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"No Alcohol" Conditional License Law Information

On July 1, 1998, a new law went into effect. The "No-Alcohol" Conditional License Law (UCA 53-3-232) affects you. You have been convicted or sanctioned for one of the offenses listed below. When you reapply and receive a conditional license you will retain full driving privileges, except you are prohibited from having any alcohol in your system when you drive. The specific "qualifying convictions" or sanctions are:

  1. Driving under the influence (DUI) - (UCA 41-6-44)
  2. Driving with any measurable controlled substance in body, or metabolite - (UCA 41-6-44.6)
  3. Refusal to submit to a chemical test - (UCA 41-6-44.10)
  4. Alcohol-related reckless driving - (UCA 41-6-44(9))
  5. Automobile homicide - (UCA 76-5-207)

Effective July 1, 2005, the Driver License Division will no longer issue conditional licenses. The "Alcohol Restricted Driver Law", which is effective July 1, 2005, replaces the "No-Alcohol" Conditional License Law. If an individual has already obtained a Conditional License, the "No Alcohol" Conditional License Law is still applicable to them and it is still a violation of UCA 53-3-232 to drive with any alcohol in the system. Effective July 1, 2005, drivers who have not obtained a Conditional License that have had an alcohol related sanction will be prohibited from driving with any alcohol in the system under the "Alcohol Restricted Driver Law" (UCA 41-6a-530).


What Is A "No Alcohol" Conditional License?

  • You must not drive with any alcohol in your system.
  • The constraint period will be in effect for two (2) years from the issue date of the conditional licenses for a first "qualifying conviction", and ten (10) years from the issue date of the condtional license for a second or subsequent "qualifing conviction".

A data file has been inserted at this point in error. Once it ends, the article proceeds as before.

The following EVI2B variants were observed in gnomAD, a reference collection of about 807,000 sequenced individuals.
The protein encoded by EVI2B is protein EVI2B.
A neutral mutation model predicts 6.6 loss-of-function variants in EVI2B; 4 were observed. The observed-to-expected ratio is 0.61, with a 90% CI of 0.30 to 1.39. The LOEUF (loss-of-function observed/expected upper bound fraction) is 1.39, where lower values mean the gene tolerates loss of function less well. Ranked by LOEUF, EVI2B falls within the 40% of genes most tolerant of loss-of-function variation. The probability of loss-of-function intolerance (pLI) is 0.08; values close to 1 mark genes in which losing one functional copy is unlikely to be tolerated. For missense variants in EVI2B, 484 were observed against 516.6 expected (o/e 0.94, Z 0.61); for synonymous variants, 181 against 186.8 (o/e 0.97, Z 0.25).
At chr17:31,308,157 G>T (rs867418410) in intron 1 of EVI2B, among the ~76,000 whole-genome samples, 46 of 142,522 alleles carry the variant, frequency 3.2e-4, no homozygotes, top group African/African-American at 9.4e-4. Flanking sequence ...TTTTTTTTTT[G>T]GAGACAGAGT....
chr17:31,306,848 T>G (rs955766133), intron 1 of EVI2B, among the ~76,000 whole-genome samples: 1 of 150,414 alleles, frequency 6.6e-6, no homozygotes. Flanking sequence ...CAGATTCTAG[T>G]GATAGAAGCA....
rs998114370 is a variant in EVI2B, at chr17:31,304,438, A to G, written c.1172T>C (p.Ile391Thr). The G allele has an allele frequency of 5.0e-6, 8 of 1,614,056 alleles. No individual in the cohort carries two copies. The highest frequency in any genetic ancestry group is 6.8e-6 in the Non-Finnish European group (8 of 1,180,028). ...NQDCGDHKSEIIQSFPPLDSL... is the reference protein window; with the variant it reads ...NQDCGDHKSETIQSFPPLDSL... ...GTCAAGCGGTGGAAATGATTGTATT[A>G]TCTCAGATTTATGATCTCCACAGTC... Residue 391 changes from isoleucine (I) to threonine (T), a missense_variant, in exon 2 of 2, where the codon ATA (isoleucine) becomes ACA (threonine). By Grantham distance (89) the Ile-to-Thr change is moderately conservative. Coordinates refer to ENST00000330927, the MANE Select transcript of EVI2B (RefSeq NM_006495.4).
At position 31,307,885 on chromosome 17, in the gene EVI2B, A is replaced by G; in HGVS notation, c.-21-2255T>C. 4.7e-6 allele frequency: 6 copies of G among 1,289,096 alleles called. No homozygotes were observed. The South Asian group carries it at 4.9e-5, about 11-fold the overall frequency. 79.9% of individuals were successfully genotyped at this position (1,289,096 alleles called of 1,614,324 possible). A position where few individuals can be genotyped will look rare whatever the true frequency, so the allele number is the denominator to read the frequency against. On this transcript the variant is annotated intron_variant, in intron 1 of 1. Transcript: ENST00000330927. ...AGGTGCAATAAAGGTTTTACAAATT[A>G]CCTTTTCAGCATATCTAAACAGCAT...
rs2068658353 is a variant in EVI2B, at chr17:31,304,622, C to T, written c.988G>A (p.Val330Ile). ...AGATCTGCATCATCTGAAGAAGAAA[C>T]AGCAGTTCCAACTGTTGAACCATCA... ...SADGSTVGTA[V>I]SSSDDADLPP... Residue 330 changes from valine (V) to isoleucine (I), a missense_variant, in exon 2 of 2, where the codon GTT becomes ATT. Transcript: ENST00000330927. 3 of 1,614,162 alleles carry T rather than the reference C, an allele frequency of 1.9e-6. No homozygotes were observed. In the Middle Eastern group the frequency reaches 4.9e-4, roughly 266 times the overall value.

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Will This Constraint Show On My Driver License Certificate?

  • Yes. You must apply for a new driver license when eligible. The "no alcohol" conditional license information will be encoded on your new driver license certificate.
  • Insurance companies and employers will not have access to this information, but it will be available to law enforcement, courts and other legitimate requesters.

How will this affect my driving privilege?

  • When the constraint becomes effective, you will retain all other privileges associated with your driver license type, endorsements, and restrictions.
  • You must not drive with any alcohol in your system.

What will happen if i violate the conditional license?

  • A conviction for a violation of the "No Alcohol" Conditional License Law will result in a one (1) year revocation of your driving privilege.
  • When eligible, you may apply for a new driver license. You will have a ten (10) year "no alcohol" constraint upon reinstatement.

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Since i'm licensed in another state, how will this affect me?

  • If you do not have an current Utah Driver License, the "no-alcohol" constraint will not be in place.
  • However, should you decide to apply for a Utah Driver License, the constraint period will go into effect for either two or ten years.

Utah drunk driving cases require expert help to reach a successful conclusion. Both the DLD Hearing and the DUI court case involve specialized issues that require a DUI lawyer who concentrates on Utah DUI defense. Get a FREE consultation from an Expert Utah DUI lawyer.


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